It is not known whether heart failure (HF) patients with prolonged QRS who undergo cardiac resynchronization therapy combined with a defibrillator (CRT-D) have a prognostic advantage over HF patients with narrow QRS (therefore without indication for CRT) treated with an implantable cardioverter defibrillator (ICD) only. The aim of this study was to compare the long-term mortality of a group of HF patients with prolonged QRS receiving CRT-D with that of a similar group of patients with narrow QRS receiving ICD only.Methods and results
A total of 312 patients (mean age 66 ± 13 years; 84% male, mean left ventricular ejection fraction 25 ± 4%, mean New York Heart Association class 2.6 ± 0.5) were included in the analysis. Of these, 138 with a QRS complex duration ≥120 ms received a CRT-D. During follow-up, the time and cause of death were assessed. During a median follow-up of 46 months, CRT-D patients showed significantly lower overall mortality (P = 0.038). Compared with patients receiving ICD only, CRT-D patients showed lower HF mortality (P = 0.003). Coronary mortality, non-cardiac mortality, and sudden mortality were similar in both groups (all P > 0.05). A positive response to CRT was an independent predictor of reduced mortality on multivariate analysis (hazard ratio: 0.27; P = 0.047).Conclusion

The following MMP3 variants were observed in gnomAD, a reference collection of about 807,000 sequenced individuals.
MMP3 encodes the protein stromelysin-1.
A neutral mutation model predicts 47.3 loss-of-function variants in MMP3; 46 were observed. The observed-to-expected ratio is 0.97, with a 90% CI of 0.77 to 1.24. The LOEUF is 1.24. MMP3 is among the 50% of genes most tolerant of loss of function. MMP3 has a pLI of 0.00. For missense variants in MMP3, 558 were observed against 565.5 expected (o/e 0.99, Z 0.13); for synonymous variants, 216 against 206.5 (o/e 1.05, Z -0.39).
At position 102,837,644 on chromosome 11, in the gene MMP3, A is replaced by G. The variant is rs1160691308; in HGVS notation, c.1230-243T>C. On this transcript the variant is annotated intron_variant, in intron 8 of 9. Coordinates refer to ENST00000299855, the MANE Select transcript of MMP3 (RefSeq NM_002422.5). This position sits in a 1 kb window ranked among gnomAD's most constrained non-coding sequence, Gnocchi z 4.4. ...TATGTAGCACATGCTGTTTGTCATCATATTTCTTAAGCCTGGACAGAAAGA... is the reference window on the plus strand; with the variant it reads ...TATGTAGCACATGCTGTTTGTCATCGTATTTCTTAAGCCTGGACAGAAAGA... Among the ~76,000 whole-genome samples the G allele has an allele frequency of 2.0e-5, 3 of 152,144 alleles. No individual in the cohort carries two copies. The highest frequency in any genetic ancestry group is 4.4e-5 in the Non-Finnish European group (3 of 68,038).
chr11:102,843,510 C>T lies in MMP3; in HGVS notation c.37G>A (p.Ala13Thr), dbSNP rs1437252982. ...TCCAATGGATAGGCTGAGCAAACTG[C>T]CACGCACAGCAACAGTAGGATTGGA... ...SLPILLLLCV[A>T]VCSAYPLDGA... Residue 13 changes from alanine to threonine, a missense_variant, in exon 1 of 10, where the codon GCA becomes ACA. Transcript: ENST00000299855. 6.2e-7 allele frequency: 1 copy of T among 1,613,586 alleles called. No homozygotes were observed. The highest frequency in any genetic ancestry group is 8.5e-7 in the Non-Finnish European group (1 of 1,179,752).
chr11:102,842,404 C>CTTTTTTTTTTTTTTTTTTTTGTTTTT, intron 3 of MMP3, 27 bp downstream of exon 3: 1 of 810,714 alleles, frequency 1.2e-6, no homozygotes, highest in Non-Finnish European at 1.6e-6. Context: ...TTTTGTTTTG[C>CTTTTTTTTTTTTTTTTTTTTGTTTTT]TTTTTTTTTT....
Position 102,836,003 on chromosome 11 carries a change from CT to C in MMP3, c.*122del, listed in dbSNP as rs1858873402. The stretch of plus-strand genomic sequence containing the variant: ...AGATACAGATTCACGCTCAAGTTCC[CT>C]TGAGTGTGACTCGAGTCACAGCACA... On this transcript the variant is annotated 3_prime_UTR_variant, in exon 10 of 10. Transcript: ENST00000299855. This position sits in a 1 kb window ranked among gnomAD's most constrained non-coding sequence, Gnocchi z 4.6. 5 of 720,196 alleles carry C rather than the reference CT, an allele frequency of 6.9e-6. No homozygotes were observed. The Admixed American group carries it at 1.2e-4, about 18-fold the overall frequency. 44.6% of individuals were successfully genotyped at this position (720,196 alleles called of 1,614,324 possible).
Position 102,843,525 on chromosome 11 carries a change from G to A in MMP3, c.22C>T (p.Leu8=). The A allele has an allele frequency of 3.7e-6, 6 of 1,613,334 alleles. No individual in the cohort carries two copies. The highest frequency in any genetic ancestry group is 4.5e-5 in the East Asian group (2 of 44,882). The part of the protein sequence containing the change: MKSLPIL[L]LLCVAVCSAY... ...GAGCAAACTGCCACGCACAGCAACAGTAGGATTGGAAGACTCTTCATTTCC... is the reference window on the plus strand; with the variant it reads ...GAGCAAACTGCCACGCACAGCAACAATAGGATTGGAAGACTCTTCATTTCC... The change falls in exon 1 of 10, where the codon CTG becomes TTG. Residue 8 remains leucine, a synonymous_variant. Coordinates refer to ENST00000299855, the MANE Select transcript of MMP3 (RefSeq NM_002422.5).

In HF patients treated with ICD, the subgroup of patients with prolonged QRS who receive CRT-D displays better long-term survival than narrow QRS ICD recipients, owing to their reduced HF mortality.